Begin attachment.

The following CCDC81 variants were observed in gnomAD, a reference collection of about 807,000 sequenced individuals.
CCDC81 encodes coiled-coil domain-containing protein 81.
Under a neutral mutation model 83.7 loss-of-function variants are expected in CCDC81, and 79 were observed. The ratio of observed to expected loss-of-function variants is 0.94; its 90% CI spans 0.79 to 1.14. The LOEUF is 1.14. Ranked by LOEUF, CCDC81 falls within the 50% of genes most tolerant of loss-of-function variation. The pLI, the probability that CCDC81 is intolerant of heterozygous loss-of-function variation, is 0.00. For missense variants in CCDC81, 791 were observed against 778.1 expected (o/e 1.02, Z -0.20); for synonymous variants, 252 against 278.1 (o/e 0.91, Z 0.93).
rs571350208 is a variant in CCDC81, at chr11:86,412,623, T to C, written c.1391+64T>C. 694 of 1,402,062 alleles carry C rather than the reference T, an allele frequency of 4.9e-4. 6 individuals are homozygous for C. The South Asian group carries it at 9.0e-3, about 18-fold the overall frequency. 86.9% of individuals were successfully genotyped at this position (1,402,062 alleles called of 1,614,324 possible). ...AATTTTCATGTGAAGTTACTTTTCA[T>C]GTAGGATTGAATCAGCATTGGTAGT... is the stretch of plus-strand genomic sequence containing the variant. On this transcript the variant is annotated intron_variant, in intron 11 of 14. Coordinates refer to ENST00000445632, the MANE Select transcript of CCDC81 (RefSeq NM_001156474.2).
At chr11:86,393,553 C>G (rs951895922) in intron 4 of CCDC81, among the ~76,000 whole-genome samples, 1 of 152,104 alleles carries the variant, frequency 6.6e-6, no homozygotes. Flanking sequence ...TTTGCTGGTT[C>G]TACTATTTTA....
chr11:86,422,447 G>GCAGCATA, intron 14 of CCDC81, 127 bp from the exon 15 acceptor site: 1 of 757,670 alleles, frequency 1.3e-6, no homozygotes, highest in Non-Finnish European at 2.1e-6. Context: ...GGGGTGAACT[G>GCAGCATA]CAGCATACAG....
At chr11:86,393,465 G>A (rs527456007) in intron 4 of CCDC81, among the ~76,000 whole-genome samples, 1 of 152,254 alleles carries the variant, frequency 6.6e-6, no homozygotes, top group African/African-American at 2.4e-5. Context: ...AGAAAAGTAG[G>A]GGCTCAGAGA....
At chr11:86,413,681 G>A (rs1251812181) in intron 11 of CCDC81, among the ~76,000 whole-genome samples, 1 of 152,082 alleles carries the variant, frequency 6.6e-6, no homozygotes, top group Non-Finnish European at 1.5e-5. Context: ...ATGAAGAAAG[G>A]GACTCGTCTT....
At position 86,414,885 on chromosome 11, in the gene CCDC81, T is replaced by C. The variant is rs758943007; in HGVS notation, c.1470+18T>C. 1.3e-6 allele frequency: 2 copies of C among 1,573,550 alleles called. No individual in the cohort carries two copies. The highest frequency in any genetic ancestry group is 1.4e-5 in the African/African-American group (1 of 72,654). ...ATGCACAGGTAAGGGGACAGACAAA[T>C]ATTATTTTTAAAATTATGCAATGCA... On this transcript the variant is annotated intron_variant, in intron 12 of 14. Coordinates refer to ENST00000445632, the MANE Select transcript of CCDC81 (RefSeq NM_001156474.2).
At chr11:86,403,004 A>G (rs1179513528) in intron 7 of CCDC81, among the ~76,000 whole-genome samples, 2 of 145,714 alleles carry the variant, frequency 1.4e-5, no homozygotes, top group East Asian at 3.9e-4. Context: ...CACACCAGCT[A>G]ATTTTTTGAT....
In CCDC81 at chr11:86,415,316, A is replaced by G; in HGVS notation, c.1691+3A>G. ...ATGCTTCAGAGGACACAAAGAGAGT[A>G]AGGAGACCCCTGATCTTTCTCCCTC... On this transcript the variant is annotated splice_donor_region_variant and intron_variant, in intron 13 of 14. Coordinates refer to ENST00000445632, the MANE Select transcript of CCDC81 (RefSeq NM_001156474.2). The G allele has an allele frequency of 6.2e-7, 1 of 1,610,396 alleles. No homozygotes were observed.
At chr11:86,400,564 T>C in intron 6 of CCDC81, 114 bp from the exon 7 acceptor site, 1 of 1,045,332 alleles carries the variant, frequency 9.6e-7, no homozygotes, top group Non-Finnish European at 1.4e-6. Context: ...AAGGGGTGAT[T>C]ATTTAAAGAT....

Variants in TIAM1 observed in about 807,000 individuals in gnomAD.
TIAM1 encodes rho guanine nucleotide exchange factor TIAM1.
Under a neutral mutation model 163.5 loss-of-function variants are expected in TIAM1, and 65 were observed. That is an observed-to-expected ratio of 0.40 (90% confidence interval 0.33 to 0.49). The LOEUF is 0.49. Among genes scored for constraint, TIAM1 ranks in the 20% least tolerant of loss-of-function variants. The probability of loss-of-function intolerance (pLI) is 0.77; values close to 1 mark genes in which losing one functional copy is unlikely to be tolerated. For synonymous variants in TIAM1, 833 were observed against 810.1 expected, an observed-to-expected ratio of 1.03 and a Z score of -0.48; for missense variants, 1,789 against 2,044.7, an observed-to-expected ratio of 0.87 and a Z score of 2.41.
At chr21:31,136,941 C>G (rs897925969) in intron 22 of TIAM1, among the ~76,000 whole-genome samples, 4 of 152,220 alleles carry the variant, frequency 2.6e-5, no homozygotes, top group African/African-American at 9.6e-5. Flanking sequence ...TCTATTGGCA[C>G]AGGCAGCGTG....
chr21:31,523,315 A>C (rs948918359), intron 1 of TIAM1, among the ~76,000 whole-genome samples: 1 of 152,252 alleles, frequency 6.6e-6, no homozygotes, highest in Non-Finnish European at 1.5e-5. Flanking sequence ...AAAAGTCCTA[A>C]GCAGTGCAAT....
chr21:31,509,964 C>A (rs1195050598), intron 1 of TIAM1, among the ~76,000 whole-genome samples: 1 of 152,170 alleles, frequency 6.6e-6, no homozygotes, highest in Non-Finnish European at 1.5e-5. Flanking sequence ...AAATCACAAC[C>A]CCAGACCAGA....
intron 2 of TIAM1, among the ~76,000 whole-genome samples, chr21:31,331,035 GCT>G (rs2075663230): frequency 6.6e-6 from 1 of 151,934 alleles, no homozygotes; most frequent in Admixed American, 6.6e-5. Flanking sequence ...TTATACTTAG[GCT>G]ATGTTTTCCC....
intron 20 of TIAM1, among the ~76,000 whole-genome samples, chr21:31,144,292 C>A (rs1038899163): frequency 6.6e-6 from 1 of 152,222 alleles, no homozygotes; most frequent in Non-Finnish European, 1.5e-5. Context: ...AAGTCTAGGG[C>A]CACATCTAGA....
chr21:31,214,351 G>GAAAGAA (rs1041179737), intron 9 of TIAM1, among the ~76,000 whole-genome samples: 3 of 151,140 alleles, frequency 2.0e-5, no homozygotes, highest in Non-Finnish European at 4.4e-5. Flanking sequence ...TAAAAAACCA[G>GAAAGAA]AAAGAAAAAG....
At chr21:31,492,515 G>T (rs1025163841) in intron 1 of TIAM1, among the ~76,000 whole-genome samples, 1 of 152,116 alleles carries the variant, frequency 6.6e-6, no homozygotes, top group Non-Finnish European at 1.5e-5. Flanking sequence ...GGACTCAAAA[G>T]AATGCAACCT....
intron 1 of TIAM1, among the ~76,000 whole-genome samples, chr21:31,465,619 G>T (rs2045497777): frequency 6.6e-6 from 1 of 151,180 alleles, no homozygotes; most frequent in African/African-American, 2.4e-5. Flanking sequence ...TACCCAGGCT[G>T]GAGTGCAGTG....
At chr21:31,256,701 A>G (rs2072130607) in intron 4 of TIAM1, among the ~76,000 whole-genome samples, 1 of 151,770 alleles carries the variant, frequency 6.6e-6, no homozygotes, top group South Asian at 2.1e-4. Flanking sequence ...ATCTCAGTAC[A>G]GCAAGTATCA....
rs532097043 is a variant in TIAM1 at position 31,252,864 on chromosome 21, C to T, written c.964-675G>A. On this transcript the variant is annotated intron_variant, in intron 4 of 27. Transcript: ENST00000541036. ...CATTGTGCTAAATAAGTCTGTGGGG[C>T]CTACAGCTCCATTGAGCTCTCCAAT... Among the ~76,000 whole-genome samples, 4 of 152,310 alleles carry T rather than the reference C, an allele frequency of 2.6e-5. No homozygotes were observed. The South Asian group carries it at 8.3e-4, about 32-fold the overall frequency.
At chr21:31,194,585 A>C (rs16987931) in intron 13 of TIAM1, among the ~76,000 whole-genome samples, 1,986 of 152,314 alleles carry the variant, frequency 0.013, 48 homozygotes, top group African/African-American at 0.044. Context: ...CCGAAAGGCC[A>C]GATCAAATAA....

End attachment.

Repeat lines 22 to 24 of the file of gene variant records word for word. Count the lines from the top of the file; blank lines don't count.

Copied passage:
At chr21:31,492,515 G>T (rs1025163841) in intron 1 of TIAM1, among the ~76,000 whole-genome samples, 1 of 152,116 alleles carries the variant, frequency 6.6e-6, no homozygotes, top group Non-Finnish European at 1.5e-5. Flanking sequence ...GGACTCAAAA[G>T]AATGCAACCT....
intron 1 of TIAM1, among the ~76,000 whole-genome samples, chr21:31,465,619 G>T (rs2045497777): frequency 6.6e-6 from 1 of 151,180 alleles, no homozygotes; most frequent in African/African-American, 2.4e-5. Flanking sequence ...TACCCAGGCT[G>T]GAGTGCAGTG....
At chr21:31,256,701 A>G (rs2072130607) in intron 4 of TIAM1, among the ~76,000 whole-genome samples, 1 of 151,770 alleles carries the variant, frequency 6.6e-6, no homozygotes, top group South Asian at 2.1e-4. Flanking sequence ...ATCTCAGTAC[A>G]GCAAGTATCA....